Feb 3, 2012


over the past year or so, i've been able to get to know a great young lady from one of a sister church. this summer, as we were enjoying an evening ice cream cone, i learned that she has known disability her entire life. below is a (very) brief note from her on what it was like to be kelsey, growing up with a mom who is a quadriplegic:

My mom was diagnosed with multiple sclerosis at the age of 19 - as it progressed, the paralyzation crept from the legs up. My mom had me at the age of 34. By that time, she had a lot of weakness in her arms and her legs were completely immobile. At the time, having a mom that couldn't do as much as others physically didn't come as a surprise to me being that this condition was all I had known. It was more less second nature. So helping extra around the house was something that came to mind as a "my mom can't do this physically. Therefore its my job." 

My dad worked third shift most of my childhood. So getting my mom into bed quickly became our responsibility. My brother is only two years older than me. So we learned to work together. Kids at school would often ask questions such as "why is your mom in a wheelchair?" or "why can't she feed herself?" It was difficult, I'll admit, but it got to a point where explaining as best we could was all that we could do. Everyone was accepting. Friends that came over acted as if nothing was wrong and helped her as if they were her own child. 

Like I said growing up everything was so natural. Because Tyler and I were young and in school while my dad was at work, my mom has a home nursing agency come in. We've had many caregivers all of which were absolutely amazing. So we learned to adapt quickly to new people and to be accepting.  I learned quickly that simple things such as feeding my own self, my mom couldn't do. It gave us so many reasons to be thankful for - things that are easily overlooked.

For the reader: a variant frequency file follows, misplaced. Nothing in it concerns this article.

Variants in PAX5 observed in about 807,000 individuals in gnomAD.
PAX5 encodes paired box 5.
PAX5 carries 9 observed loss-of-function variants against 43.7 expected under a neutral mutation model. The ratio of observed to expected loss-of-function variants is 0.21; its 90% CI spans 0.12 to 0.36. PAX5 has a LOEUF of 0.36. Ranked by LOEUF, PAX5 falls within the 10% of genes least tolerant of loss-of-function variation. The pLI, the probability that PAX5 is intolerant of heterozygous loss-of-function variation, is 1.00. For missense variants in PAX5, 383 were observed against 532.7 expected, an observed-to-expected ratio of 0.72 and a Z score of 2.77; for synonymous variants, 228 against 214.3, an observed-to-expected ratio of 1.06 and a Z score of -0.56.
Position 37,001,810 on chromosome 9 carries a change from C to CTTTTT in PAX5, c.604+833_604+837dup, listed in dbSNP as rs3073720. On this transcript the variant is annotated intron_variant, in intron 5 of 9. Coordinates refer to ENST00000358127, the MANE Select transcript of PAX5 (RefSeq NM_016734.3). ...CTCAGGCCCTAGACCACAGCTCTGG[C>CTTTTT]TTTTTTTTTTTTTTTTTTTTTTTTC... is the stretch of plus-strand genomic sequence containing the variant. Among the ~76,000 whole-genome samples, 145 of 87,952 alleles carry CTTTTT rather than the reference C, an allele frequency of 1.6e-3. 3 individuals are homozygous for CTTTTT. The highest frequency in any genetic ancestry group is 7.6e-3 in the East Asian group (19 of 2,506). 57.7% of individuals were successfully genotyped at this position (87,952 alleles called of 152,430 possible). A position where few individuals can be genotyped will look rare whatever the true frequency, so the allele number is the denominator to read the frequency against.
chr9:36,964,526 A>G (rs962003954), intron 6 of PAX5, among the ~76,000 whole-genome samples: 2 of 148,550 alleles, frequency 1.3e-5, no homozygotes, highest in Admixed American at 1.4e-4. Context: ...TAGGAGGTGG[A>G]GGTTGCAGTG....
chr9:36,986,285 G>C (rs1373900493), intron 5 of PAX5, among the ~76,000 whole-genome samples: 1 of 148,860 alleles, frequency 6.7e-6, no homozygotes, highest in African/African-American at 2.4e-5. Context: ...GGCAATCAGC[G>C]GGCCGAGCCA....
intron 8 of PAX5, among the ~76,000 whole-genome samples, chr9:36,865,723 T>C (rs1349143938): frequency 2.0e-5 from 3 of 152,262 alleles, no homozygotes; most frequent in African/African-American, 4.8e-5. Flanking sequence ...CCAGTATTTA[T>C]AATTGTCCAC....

All in all, my brother and I had to become independent and grow up really fast. It was a good thing though -  I learned how to balance a check book,write checks, pay bills. Tyler has learned many things to maintain a household as a guy.

Now,10 years later I look back and it seems crazy to me. Crazy in a way that I saw my mom as if she didn't even have a disease. Crazy that I was so focused on other things that I could overlook a paralyzing disease that to others may seem quite evident. I don't ever remember my mom holding me or hugging me as a child because I was too young to remember. And, I'll be honest, it hurts. Its weird to me that I've never seen my mom walk, never had her drive me anywhere - simple things that other little kids experienced. Looking back it makes me sad, but I am so very very thankful to have a mother figure in my life...Yeah, her limbs didn't work and I couldn't physically feel her embrace, but I knew for a fact that she loved Tyler and I more than anything. And that is an amazing realization to come to. People sometimes find different things that we do to accommodate her needs and conformities odd or out of the ordinary. But we accommodate. It's just everyday ordinary here at our home. If you sit back and let all of this set in, you'll understand when I say that my mom's disability was of no burden but an utmost blessing to the lives of many. 

i am so thankful to have heard from kelsy - as ian and i pray for our future family members, it is so wonderful to hear from someone who knows what it's like to be raised by a parent who is 'different' but who is so, so dear and is an incredible mom.



Anonymous said...

Oh Larissa, thank you for sharing Kelsey's story. I have the pleasure of attending church with this young lady, here in Altoona. From the time I met her I felt something special. She is a very dear person. I'm blessed in just knowing her - like I am blessed knowing you and Ian. You can never know what your life has meant to others. With continued prayers and ♥♥ in Christ, Rene

kimster44 said...

Very touching. I'm glad God brought Kelsey into your lives. Thank you for sharing this. I continue to pray for you guys!
Kim E.